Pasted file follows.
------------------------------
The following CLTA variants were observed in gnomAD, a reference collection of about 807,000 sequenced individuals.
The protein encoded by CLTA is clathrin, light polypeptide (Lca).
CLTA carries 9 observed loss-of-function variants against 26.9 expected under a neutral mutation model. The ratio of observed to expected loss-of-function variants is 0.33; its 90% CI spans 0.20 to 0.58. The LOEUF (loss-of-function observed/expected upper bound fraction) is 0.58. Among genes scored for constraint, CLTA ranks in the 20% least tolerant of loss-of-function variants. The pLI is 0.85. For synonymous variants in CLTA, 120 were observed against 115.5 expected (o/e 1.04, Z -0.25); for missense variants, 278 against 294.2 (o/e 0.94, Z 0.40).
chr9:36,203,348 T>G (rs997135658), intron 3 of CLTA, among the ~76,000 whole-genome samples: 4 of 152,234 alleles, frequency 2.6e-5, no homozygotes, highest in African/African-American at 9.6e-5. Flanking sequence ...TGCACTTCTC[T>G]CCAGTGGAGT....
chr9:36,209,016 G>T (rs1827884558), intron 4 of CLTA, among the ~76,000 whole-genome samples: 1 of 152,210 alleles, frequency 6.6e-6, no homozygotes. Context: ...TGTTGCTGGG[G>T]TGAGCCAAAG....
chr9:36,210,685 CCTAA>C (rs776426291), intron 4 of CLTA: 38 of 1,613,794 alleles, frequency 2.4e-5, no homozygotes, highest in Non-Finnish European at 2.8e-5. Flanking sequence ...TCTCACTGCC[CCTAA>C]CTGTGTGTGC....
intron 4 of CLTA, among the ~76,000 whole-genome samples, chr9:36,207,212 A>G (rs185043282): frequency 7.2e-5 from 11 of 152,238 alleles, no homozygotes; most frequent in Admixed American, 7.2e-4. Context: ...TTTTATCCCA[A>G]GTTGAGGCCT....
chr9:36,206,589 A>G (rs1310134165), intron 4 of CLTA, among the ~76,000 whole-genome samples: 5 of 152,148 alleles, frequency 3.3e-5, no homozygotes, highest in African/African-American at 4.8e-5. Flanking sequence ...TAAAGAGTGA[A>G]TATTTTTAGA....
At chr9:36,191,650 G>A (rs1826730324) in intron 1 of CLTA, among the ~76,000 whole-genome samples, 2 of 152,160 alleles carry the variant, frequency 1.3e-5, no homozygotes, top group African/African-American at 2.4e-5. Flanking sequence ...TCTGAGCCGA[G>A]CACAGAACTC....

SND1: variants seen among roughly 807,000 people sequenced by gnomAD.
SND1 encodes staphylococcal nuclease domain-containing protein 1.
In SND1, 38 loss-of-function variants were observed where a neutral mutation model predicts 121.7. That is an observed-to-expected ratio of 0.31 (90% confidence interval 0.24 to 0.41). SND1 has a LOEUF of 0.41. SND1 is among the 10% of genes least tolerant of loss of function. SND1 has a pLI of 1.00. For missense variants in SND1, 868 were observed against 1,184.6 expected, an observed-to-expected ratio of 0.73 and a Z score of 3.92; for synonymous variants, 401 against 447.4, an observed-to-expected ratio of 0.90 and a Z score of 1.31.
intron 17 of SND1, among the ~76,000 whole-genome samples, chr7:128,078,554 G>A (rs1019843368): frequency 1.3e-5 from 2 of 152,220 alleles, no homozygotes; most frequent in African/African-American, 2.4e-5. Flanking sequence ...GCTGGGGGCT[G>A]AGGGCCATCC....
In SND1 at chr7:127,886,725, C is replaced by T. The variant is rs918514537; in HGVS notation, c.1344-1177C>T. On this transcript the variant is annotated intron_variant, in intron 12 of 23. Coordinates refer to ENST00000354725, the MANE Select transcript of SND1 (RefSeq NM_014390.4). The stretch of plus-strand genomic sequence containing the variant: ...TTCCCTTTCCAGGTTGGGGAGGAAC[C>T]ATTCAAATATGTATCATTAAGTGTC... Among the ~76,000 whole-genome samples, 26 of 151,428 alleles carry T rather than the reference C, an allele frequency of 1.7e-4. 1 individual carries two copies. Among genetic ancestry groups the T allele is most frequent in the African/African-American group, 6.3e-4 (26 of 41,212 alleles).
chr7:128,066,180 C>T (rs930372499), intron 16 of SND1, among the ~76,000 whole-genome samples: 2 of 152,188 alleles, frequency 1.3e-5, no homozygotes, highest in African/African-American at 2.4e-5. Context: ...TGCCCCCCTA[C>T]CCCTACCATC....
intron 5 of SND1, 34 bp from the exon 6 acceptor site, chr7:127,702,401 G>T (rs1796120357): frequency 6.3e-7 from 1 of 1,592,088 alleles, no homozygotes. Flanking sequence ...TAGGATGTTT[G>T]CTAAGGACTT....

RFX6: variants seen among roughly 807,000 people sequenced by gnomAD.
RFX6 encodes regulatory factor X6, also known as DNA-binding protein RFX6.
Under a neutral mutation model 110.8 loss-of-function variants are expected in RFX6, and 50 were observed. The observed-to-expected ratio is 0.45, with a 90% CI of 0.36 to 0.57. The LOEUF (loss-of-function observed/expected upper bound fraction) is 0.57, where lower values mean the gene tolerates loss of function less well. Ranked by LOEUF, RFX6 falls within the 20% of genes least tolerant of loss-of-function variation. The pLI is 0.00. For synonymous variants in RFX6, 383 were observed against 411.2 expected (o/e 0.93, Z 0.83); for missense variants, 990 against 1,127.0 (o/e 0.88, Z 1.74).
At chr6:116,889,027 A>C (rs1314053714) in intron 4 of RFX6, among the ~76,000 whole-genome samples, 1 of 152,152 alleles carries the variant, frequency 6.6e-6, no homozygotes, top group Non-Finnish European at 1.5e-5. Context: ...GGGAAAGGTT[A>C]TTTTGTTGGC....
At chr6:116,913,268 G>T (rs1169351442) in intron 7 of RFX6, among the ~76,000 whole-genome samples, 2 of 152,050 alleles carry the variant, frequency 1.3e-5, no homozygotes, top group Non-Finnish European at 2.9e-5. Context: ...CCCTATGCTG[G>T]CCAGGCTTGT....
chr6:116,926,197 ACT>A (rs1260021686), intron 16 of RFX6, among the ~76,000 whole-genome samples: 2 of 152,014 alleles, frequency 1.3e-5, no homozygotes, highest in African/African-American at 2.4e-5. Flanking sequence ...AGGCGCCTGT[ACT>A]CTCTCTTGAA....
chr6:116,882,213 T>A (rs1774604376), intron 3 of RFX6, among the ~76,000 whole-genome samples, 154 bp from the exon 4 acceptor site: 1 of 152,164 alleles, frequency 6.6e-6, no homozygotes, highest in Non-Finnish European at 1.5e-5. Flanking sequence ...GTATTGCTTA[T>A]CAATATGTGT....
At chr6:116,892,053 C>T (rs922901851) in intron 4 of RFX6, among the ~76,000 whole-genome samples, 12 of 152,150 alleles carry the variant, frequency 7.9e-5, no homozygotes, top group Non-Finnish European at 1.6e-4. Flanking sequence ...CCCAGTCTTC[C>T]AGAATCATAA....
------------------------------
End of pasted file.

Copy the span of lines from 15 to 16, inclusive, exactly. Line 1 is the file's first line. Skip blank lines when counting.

chr7:128,066,180 C>T (rs930372499), intron 16 of SND1, among the ~76,000 whole-genome samples: 2 of 152,188 alleles, frequency 1.3e-5, no homozygotes, highest in African/African-American at 2.4e-5. Context: ...TGCCCCCCTA[C>T]CCCTACCATC....
intron 5 of SND1, 34 bp from the exon 6 acceptor site, chr7:127,702,401 G>T (rs1796120357): frequency 6.3e-7 from 1 of 1,592,088 alleles, no homozygotes. Flanking sequence ...TAGGATGTTT[G>T]CTAAGGACTT....